Rules of the Ramp

Trailering a boat requires skill, patience, common sense and playing by the rules.

Monogamy does not exist in boating. You may love your cruising sailboat or your roomy trawler, but no one can expect to be satisfied by just one boat. We had this epiphany on a dead calm August day watching our sails luff through the sweat in our eyes. We decided to add a trailerable runabout to our personal flotilla, which turned out to be a brilliant idea except for one small problem—the public ramp.  ¶  The term “ramp rage” is not an exaggeration. It accurately refers to the increase in blood pressure and the loss of self-control that accompanies use of a public landing. There are rules for using a boat ramp, but unfortunately they have been unwritten (at least until today) and largely ignored. Below is a brief review of ramp etiquette, which I suggest be taught along with table manners by boating parents everywhere: 

Rule #1  Load gear into your vessel at home or in the Walmart parking lot, not while the stern is floating.

On our first visit to the public landing, we got behind several families preparing for what looked like a month-long fishing trip. Car, boat and trailer were already parked in the ramp, with two related cars blocking traffic fifty feet away. We waited while poles, coolers, ice, tackle boxes, pets and small children were retrieved from under seats and from the bottom of car trunks. These were eventually carried, albeit with no sense of urgency, to the dock. Finally a man began loading the pile onboard, and we watched in disbelief as he opened three cases of beer, removed the bottles, and meticulously placed them in the cooler—one at a time!

Rule #2  Keep in mind that tidal waters are called tidal for a reason. 

Last summer we have had particularly vicious low tides. One of our local ramps
is fairly steep and covered in thick sand. Last week a pick-up was backing a heavily loaded 24-footer into the water when, too late, the driver realized he had no traction. His tires spun hopelessly as the bed of his 2WD submerged in slow motion. It took four men, a towrope and a lot of bystander advice nearly an hour before the ramp was cleared. (4WD is recommended.)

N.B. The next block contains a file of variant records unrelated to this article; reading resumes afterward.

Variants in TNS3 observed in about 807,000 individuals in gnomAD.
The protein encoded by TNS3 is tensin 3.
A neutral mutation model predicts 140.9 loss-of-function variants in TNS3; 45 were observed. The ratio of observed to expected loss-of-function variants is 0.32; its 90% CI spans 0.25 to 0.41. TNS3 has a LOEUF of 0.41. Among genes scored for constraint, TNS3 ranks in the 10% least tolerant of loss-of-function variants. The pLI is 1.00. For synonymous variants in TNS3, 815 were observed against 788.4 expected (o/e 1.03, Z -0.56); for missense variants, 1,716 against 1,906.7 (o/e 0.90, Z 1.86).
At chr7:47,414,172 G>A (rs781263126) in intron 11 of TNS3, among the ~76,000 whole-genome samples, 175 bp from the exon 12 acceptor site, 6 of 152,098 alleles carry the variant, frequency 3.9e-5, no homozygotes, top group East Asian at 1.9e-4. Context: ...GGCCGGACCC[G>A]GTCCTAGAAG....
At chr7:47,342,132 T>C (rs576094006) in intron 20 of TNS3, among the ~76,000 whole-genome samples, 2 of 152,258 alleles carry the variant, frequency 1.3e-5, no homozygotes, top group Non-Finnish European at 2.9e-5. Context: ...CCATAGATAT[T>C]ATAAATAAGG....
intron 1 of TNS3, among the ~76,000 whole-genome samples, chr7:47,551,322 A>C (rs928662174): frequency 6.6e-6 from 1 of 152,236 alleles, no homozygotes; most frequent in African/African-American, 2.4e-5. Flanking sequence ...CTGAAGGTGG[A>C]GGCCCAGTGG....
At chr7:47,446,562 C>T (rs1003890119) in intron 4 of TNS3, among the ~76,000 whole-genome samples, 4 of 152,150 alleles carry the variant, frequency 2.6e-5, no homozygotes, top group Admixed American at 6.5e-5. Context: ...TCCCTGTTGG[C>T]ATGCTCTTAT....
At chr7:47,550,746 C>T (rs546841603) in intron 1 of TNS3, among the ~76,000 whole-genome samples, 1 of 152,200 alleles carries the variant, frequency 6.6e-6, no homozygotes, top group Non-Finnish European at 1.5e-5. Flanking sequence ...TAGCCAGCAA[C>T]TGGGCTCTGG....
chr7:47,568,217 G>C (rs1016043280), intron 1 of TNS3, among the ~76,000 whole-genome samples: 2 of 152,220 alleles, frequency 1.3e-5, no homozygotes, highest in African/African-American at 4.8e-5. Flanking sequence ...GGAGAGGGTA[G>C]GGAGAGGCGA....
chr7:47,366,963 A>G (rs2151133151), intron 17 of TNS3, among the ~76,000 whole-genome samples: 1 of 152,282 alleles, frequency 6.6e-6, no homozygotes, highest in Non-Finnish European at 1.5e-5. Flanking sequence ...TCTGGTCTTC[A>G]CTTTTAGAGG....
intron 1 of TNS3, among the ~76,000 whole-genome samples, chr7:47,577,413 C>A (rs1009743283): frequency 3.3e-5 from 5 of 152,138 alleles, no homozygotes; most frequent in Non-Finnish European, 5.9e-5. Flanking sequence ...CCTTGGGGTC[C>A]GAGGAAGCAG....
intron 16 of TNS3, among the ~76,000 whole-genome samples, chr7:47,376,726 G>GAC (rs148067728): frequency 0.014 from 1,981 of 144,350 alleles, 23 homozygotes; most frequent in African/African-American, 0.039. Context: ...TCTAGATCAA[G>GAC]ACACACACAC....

Rule #3 Whatever your catastrophe is, don’t block
the ramp.

We have watched boats launch with old fuel, no fuel, dead batteries and, most entertaining of all, with the plug still in the truck’s glove box. A busy Labor Day is not the time to realize that you “haven’t run ’er for awhile” and have no idea whether your boat will float, much less pull away from the dock under her own power. If you want to be on the receiving end of ramp rage, pull out a five-gallon gas can and go for fuel while your boat is still in the ramp. 

Rule #4 The lines in the parking lot are not just suggestions. 

They designate parking spots, and your vehicle belongs between them, not on top of them. On a recent weekend, five vehicles and trailers were parked across spots, leaving five other cars full of eager boaters (including us) no choice but to go home. We thought about leaving notes on their windshields, but we didn’t have enough paper for all of the obligatory swear words.

Rule #5  Never EVER cut in line.

Just before sunset we were waiting our turn to come into the ramp. There were four boats milling about impatiently in some semblance of a line while one poor guy repeatedly jackknifed his trailer. He finally gave up, waded in, and swam his boat sideways onto the bunks. I was next and had already dropped my husband at the dock. I put the boat in gear just as the landing cleared when suddenly a skiff whizzed past and cut me off. The captain ignored my indignant shouts and my husband’s dirty looks as he and his buddy got their trailer. They even had the nerve to wave as they pulled out of the ramp. 

At this point I gave up on civility. Tired, sunburned and harassed by deer flies, I gunned the engine, roared into the landing and right up on our trailer. Securing everything with lightning speed, we were a model of ramp efficiency for the audience of waiting boaters. Feeling smug, I signaled the okay to go, my husband pulled forward, and the admiring crowd all heard the deafening screech of metal dragging on concrete.

In my haste, I had forgotten
Rule #6.

Rule #6 Take enough time
to do it right.

I tilted up the stern drive and looked down at what was left of the prop. Without another word, I got in the car. 

At least we remembered Rule #3 and didn’t block the ramp.

Ann Eichenmuller and her husband, Eric, are currently waiting at a ramp somewhere in Virginia to launch
My Gold Watch.